While new technologies may introduce new hazards, research and regulations can also offer improved detection of and protection from such hazards. For example, transportation vehicles are a major source of air pollution in cities around the world. Through fuel combustion and evaporation, motor vehicles produce pollutants such as carbon monoxide, hydrocarbons, nitrogen oxides, and fine particles. Air pollution can irritate the eyes and throat, aggravate existing medical conditions such as asthma, and lead to heart and lung disease. As the harmful effects of air pollution have become more evident, steps have been taken to reduce the amount of pollution that people are exposed to, for example, through better engine designs and cleaner-burning gasoline formulations as well as emission standards and laws.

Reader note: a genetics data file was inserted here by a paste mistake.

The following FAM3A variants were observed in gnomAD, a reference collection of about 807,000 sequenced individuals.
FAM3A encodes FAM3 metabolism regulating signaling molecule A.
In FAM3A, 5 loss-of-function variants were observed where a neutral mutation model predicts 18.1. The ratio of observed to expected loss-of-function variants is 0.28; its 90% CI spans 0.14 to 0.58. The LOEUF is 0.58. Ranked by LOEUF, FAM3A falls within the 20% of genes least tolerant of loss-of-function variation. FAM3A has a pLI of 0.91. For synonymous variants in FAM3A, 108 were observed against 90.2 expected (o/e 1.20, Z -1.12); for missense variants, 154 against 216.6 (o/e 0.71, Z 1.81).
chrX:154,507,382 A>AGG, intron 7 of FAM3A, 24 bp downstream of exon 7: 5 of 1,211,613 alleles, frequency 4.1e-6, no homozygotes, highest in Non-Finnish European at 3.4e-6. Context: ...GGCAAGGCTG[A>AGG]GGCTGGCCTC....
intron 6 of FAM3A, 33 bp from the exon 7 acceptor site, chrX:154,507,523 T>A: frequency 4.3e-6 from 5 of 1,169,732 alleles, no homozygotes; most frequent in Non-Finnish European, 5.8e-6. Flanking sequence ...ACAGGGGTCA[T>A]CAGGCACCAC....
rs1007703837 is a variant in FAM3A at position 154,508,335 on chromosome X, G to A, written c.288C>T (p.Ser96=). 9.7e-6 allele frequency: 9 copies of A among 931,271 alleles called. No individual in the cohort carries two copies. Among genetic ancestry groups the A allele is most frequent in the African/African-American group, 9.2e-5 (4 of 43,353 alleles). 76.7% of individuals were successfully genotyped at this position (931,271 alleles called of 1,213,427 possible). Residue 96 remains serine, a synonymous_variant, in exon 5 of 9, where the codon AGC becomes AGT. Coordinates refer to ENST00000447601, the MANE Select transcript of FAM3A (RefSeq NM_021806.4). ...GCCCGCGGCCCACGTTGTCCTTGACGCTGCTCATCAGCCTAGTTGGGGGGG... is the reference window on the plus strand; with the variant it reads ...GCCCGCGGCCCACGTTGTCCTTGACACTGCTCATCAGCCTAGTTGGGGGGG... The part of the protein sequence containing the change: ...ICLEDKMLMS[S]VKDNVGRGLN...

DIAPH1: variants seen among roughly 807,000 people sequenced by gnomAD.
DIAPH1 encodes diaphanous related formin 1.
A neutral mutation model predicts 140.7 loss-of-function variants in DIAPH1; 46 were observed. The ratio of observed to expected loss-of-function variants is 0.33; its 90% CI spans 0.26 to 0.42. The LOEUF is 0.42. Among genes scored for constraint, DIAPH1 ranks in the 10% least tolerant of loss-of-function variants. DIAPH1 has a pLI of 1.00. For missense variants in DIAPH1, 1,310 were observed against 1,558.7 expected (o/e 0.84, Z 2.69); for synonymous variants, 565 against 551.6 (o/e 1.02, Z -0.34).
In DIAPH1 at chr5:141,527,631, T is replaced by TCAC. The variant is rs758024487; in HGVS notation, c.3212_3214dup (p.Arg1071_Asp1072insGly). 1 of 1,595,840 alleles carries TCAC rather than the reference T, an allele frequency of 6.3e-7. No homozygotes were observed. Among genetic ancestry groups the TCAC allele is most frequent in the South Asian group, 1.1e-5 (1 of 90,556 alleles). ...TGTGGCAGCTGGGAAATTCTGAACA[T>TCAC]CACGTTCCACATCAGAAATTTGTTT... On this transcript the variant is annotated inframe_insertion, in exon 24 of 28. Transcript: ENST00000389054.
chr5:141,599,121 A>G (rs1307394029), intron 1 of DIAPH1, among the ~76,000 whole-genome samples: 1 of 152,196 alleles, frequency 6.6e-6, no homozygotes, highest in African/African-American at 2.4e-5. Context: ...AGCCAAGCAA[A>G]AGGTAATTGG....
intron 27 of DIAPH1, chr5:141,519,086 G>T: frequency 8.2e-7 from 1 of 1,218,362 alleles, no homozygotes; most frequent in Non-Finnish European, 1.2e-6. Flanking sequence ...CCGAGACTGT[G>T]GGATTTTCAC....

Another pollutant that has been controlled is lead, a toxic metal that was once commonly used in many products including gasoline, solder, plumbing, paints, ceramic cookware, and cosmetics. However, in the mid-twentieth century, research indicated that there were serious health risks from even low-level lead exposure; elevated levels of lead in the blood causes illness, can seriously affect mental and physical development in children, and can be fatal. Since then, leaded gasoline has been banned, lead-based paints are no longer used in homes, and older water pipes have been replaced. In addition, education and awareness of the problem are part of the solution. For example, in recent years there has been a concerted effort to reduce the frequency of childhood lead poisoning by keeping children away from deteriorating lead paint and lead dust and promoting routine medical testing. As a result, the incidence of elevated childhood blood lead levels has decreased.